Third, Consumers are now demanding high standards of sustainability and quality of employment from businesses. Regulators and policy makers are more interested in ESG because they need the corporate sector to help them solve social problems such as environmental pollution and workplace diversity. The investor community has also become much more interested in it.

How have the ESG Reporting Norms evolved in India?

ESG reporting in India started in 2009 with the Ministry of Corporate Affairs, Government of India, issuing the National Voluntary Guidelines on Corporate Social Responsibility (NVGs).

In 2012, SEBI mandated that the top 100 listed companies by market capitalisation file the Business Responsibility Report (BRR) based on NVGs along with annual reports. BRR was extended to the top 500 listed companies by market capitalisation in 2015 and to the top 1,000 listed companies in 2019.

CSR activities have been made mandatory under The Companies Act, 2013 for companies falling under the prescribed category.

Integrated Reporting (IR) was introduced by SEBI in 2017 voluntarily for the top 500 companies required to prepare BRR.

The National Guidelines on Responsible Business Conduct (NGRBC) came in 2019.

Business Responsibility and Sustainability Report (BRSR) was introduced in 2021 on a voluntary basis and made mandatory from FY2022-23.

Global ESG Reporting Norms UPSC

Source: KPMG. Some Global ESG Reporting Norms include Global Reporting Initiative (GRI), Sustainability Accounting and Standards Board (SASB), Integrated Reporting (IR) among others.

What steps have been taken by the Government to promote ESG in India?

Sustainable investments in India are primarily being promoted by the Ministry of Corporate Affairs, with support from the capital market regulator SEBI. They have introduced various guidelines for corporations to implement the Principles of Responsible Investment. Government of India also formed the Impact Investors Council (IIC) to drive the impact of investments in the country.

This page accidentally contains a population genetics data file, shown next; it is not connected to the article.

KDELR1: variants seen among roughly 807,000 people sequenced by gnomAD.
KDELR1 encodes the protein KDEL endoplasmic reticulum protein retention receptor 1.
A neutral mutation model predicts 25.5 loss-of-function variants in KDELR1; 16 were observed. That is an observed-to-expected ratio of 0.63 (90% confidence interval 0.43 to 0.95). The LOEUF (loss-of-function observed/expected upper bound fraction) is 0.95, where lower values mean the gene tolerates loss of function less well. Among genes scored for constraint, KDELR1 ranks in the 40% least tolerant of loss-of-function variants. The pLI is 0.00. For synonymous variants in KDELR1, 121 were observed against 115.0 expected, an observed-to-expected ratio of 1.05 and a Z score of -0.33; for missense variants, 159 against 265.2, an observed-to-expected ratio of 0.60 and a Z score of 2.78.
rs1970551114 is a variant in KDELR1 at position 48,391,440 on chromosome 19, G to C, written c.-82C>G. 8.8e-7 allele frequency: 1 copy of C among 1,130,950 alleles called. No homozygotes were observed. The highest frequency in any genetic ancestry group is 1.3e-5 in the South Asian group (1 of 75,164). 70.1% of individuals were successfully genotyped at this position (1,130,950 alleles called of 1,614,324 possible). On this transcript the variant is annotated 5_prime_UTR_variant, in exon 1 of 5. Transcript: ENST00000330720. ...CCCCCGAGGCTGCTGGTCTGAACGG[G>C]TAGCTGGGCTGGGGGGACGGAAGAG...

India is witnessing innovative instruments by investors to finance social and environmental initiatives. India’s first green bond was issued by the Ghaziabad Municipal Corporation, also listed on the Bombay Stock Exchange (BSE). The Corporation raised a capital of INR 150 crore to partially fund the water treatment plant and tertiary sewage.

The Finance Minister of India, recently announced that the government will float a sovereign green bond. The proceeds will be deployed in public sector projects that reduce carbon intensity in the economy.

What are the salient features of SEBI’s BRSR Guidelines?

BRSR is a standardised reporting format that will provide a basis to compare environmental, social and governance goals across companies and sectors.

The BRSR guidelines are more elaborate and stringent than the existing BRR norms. BRSR incorporates metrics of international frameworks on par with global ESG reporting trends. It is a significant step towards bringing sustainability reporting at par with financial reporting.